Word of the day – kai

kai /kai̭/ [Māori]

  1. (verb) to eat, consume, feed (oneself), partake, devour.
  2. (noun) food, meal.

Related expressions include:

  • kai moana = seafood, shellfish
  • wāhi kai = café, restaurant (wāhi = place)
  • hari kai = a song to entertain visitors as food is set out (hari = joy, happiness)

The Māori word kai is mentioned quite a lot in the book I’m reading at the moment, Come On Shore and We Will Kill and Eat You All by Christina Thompson: a memoir about the author’s life with her Māori husband which also discusses the history of the Māori, and contacts between them and other peoples.

Other Māori words and concepts are also discussed, include iwi, which means an extended kinship group, a tribe, a nation, a people, a nationality or a race, and often refers to a large group of people descended from a common ancestor, and utu, which means revenge, cost, price, wage, fee, payment, salary, reciprocity, and is an important concept in Māori culture.

Kai also means food in Tok Pisin, and kaikai means to eat. In Japanese kai (海 かい) means sea, among other things, though this reading of the kanji 海 is derived from Chinese (hai) – the native Japanese word for sea is うみ (umi).

In Hawai’ian, kai means sea, sea water, gravy, sauce or soup, while food is ʻai, or mea’ai.

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This entry was posted in Hawaiian, Japanese, Language, Maori, Words and phrases.

12 Responses to Word of the day – kai

  1. Christopher Miller says:

    Tagalog ‘eat’ is kain.

    The Hawaiian equivalent is an example of how the /k/ kept in most other Polynesian languages turned into a glottal stop in Hawaiian. (And the older Polynesian /t/ then became Hawaiian /k/.)

    For the New Zealand bird called kiwi Hawaiian has one called ‘i’iwi. And Hawaii’s Mauna Kea (white mountain) has an equivalent in Easter Island’s Maunga Tea Tea (and the tea Aotearoa ‘cloud-white-long’ ; the Kona ‘south/leeward’ coast in the Kingdom of Tonga [toŋa] ‘south’.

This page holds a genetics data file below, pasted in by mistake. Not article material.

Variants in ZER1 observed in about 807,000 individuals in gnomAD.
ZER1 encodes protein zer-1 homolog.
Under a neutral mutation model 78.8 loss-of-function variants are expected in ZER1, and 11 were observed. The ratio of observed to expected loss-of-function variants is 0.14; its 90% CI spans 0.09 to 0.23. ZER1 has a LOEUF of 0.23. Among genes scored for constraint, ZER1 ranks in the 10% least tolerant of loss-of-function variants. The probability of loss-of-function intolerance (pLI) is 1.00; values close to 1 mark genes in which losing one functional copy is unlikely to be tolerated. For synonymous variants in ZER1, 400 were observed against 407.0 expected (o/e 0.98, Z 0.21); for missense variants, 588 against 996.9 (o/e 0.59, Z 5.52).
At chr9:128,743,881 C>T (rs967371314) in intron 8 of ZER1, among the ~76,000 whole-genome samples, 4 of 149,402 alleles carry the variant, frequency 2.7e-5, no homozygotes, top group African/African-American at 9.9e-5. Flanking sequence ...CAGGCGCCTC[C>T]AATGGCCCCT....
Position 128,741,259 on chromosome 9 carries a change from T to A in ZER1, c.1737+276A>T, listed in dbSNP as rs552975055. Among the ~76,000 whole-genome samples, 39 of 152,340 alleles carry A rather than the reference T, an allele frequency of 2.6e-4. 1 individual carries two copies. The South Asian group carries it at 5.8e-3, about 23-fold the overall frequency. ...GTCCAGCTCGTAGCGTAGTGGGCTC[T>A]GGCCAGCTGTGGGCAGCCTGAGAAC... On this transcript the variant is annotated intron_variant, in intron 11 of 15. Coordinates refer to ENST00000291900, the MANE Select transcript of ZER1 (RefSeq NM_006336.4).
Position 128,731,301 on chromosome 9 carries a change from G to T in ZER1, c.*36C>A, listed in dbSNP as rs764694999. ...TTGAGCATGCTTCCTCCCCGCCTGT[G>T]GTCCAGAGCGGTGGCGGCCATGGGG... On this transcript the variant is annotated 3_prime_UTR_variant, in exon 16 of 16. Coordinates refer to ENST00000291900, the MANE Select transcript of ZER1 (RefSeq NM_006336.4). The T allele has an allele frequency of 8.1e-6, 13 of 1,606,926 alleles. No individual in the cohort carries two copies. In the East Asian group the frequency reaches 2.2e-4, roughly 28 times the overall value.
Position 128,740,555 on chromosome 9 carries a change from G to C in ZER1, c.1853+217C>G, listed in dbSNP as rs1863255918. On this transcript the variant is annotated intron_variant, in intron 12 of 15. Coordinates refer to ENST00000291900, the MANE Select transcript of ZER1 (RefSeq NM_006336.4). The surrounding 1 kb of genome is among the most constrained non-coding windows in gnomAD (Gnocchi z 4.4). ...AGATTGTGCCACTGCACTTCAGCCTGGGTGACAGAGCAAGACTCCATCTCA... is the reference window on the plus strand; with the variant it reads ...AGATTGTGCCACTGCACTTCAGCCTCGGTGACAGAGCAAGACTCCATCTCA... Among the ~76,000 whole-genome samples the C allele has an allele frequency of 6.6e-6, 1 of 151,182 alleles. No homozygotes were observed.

It’s remarkable how many cognate words are recognisable from one end of the Austronesian area, from Malagasy in the west to Hawaiian in the north and Rapa Nui in the southeast.

  2. Qcumber says:

    “To eat” is _mákan_ in Malay and _káin_ in Tagalog.
    “Food” is _makánan_ in Malay and _pagkáin_ in Tagalog
    It seems the root is KA.

  3. Petréa Mitchell says:

    For that matter, Hawai`i itself is another example, being cognate with Maori Hawaiki (and the Samoan island Savaii).

  4. Petréa Mitchell says:

    And cognate with Hawaiian kai, the Maori dictionary has tai meaning “(at) sea”, “coast”, or “tide”.

  5. Yenlit says:

    “Kai” means ‘nourishment’ in the Taino language.

  6. Andrew says:

    Re: “utu” there’s a great New Zealand film about the Maori wars by that name. It’s a little hard to get hold of but well worth watching.

  7. Tommy says:

    In Japanese, the sound “kai” can mean “shell” (貝) along with “sea” (海). The former cooperates with other Kanji to form words for a number of shellfish, such as 帆立貝 (hotategai, “scallop”) and 赤貝 (akagai, “red clam”). This makes me wonder about the relationship with Korean word for “shellfish”, 조개 (jogae).

    Japanese also has the reading ばい (bai) for 貝, although rare, and I wonder if this is related to Chinese 贝 (bei4), also meaning “shell”, right?

  8. Petréa Mitchell says:

    And the “shell” radical is also in 買う kau “to buy” (the overall stem being ka-).

  9. Yenlit says:

    Is it just a coincidence that “kai” means ‘nourishment’ in Taino – what’s the Polynesian link with the Caribbean?

  10. Qcumber says:

    The shell radical is found in the Chinese / Japanese logogram for “buy”, and is placed under the eye-like net radical.
    I think these two concepts “net” and “shell(s)” are associated because originally cowries (Cypraea moneda) were used as money from the east coast of Africa to southern China. These shells were also kept in net bags representing larger units (supposedly 10 or 100).
    I also think that -gae in Korean jogae, Japanese kai “shell”, and -gay in Tagalog sígay “cowrie” are cognates.

  11. Qcumber says:

    Yenlit, I am of the opinion that if Austronesians were able to navigate as far as Easter Island, there is no reason why some shouldn’t have reached southern America and central America, and from there the Antilles. If so, some must have mixed with Amerindian tribes, or settled as independent tribes.

  12. Seumas says:

    ‘Kai’ means ‘and’ in Koine Greek. It’s also the name of Wayne Rooney’s son!